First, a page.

Funding for Project to Add Credibility to Web Search
The Reference Extract, a project to make it easier to find credible information in the digital age, has recently been awarded $350,000 by the John D. and Catherine T. MacArthur Foundation to fund research and development. The planning phase began in November 2008 with a $100,000 grant from the MacArthur organization.
The Reference Extract is a collaboration of Online Computer Library Center (OCLC—the world's largest library cooperative), the information schools of Syracuse University and the University of Washington and Zepheira LLC (information management). This project will require the expertise and input from librarians worldwide.
Search engine results are mostly based on who links to whom. It is basically a popularity contest that easily can be gamed. The Reference Extract will look look only at sites that information experts find credible. Who are these information experts? Librarians.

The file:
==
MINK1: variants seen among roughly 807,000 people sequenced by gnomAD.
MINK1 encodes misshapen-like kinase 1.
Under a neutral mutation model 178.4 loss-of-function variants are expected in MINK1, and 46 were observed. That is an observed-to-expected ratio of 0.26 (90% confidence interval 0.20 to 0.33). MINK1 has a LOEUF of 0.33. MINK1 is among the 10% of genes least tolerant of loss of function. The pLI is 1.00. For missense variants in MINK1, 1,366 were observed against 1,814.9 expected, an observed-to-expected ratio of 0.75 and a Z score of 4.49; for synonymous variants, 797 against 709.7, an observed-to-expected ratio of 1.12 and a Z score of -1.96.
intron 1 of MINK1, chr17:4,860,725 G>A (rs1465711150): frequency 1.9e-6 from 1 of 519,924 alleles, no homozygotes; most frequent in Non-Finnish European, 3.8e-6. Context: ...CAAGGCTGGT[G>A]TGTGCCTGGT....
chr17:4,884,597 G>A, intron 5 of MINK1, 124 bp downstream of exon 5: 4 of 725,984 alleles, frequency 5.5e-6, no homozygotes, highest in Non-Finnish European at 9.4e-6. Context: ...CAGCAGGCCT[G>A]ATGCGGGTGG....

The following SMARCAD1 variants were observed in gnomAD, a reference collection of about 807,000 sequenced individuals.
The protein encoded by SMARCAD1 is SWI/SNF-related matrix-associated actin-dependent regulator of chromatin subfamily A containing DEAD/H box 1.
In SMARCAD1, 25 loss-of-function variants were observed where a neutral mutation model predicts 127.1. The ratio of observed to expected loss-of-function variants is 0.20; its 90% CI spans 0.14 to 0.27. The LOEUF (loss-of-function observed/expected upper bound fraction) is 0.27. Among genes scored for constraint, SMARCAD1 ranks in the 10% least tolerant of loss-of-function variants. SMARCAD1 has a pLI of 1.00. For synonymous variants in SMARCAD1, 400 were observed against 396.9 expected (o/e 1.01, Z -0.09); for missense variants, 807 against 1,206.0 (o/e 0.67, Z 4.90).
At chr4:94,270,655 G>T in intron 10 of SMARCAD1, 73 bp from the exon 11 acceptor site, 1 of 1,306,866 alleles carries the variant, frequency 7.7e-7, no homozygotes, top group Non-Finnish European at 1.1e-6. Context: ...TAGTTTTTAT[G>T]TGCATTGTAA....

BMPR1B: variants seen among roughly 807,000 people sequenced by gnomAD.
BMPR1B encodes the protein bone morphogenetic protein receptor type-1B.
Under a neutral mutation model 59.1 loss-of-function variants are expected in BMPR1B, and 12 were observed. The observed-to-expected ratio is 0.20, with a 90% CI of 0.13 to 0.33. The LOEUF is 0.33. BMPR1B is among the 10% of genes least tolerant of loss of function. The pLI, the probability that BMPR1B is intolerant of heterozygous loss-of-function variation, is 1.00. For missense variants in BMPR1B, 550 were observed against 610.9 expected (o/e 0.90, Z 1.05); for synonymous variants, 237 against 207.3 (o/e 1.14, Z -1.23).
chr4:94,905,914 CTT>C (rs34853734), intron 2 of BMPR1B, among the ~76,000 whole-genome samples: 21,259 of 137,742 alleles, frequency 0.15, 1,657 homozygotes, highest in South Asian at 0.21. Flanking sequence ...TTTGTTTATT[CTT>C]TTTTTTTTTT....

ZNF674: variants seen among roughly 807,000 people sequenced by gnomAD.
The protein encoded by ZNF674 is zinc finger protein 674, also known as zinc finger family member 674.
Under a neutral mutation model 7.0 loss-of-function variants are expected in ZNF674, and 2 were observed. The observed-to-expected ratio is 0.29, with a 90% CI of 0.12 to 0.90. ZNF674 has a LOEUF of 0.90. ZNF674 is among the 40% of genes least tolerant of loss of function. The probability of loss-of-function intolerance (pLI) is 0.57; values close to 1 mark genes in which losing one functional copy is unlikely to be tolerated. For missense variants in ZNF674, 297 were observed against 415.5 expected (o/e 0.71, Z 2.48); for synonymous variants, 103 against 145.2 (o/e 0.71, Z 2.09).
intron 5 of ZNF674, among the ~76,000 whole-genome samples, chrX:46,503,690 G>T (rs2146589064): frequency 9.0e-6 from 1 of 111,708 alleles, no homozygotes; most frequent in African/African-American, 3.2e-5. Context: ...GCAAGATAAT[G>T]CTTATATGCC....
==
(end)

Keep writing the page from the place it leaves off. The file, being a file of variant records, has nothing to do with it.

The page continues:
If you look at almost any library Web site, you will find many curated lists of recommended Web sites from librarians. This is just one of the many facets of what a reference librarian already does. And the Reference Extract plans to add more than just Web sites, but also books, people, articles and many other types of credible resources.
The plan is that the Reference Extract will be a service that can be used on its own site, but can also be embedded into search engines and other Web sites. It will be a tool that will make finding credible information as easy as using embedded maps and video on Web sites.
Reference Extract leaders say the project will work best if the entire library community gets involved to create a Web-scale effort to support this cooperative innovation.
“The only way this will work is by making a project of an entire community,” said Dr. R. David Lankes, Director of the Information Institute of Syracuse and Professor at Syracuse University’s School of Information Studies. “Web searchers get to tap into the incredible skill and knowledge of the library community, while librarians will be able to serve users on a whole new scale.”